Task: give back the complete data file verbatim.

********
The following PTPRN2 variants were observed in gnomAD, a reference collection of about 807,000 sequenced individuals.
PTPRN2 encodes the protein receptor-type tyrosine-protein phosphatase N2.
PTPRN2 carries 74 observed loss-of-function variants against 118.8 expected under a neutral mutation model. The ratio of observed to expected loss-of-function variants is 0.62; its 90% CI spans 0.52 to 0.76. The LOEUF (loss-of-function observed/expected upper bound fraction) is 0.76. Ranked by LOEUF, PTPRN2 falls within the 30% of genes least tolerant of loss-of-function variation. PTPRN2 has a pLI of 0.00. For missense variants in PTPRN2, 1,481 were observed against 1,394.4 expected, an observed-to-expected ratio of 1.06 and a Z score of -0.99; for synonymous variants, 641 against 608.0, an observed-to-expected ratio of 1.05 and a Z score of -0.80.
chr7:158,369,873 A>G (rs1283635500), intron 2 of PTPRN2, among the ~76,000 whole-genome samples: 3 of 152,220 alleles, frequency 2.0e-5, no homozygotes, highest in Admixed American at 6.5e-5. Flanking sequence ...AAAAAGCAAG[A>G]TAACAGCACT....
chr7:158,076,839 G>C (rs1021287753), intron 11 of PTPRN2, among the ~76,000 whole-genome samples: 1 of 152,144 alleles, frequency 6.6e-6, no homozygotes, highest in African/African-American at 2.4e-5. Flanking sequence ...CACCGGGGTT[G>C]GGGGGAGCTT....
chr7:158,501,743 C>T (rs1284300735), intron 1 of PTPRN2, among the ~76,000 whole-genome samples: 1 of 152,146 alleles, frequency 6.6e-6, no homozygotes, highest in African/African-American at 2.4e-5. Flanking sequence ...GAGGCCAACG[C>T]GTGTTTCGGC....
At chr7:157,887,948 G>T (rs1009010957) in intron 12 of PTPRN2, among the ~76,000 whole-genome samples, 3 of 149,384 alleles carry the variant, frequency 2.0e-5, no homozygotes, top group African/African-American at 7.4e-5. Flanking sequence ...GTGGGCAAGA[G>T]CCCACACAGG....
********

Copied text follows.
The following PTPRN2 variants were observed in gnomAD, a reference collection of about 807,000 sequenced individuals.
PTPRN2 encodes the protein receptor-type tyrosine-protein phosphatase N2.
PTPRN2 carries 74 observed loss-of-function variants against 118.8 expected under a neutral mutation model. The ratio of observed to expected loss-of-function variants is 0.62; its 90% CI spans 0.52 to 0.76. The LOEUF (loss-of-function observed/expected upper bound fraction) is 0.76. Ranked by LOEUF, PTPRN2 falls within the 30% of genes least tolerant of loss-of-function variation. PTPRN2 has a pLI of 0.00. For missense variants in PTPRN2, 1,481 were observed against 1,394.4 expected, an observed-to-expected ratio of 1.06 and a Z score of -0.99; for synonymous variants, 641 against 608.0, an observed-to-expected ratio of 1.05 and a Z score of -0.80.
chr7:158,369,873 A>G (rs1283635500), intron 2 of PTPRN2, among the ~76,000 whole-genome samples: 3 of 152,220 alleles, frequency 2.0e-5, no homozygotes, highest in Admixed American at 6.5e-5. Flanking sequence ...AAAAAGCAAG[A>G]TAACAGCACT....
chr7:158,076,839 G>C (rs1021287753), intron 11 of PTPRN2, among the ~76,000 whole-genome samples: 1 of 152,144 alleles, frequency 6.6e-6, no homozygotes, highest in African/African-American at 2.4e-5. Flanking sequence ...CACCGGGGTT[G>C]GGGGGAGCTT....
chr7:158,501,743 C>T (rs1284300735), intron 1 of PTPRN2, among the ~76,000 whole-genome samples: 1 of 152,146 alleles, frequency 6.6e-6, no homozygotes, highest in African/African-American at 2.4e-5. Flanking sequence ...GAGGCCAACG[C>T]GTGTTTCGGC....
At chr7:157,887,948 G>T (rs1009010957) in intron 12 of PTPRN2, among the ~76,000 whole-genome samples, 3 of 149,384 alleles carry the variant, frequency 2.0e-5, no homozygotes, top group African/African-American at 7.4e-5. Flanking sequence ...GTGGGCAAGA[G>T]CCCACACAGG....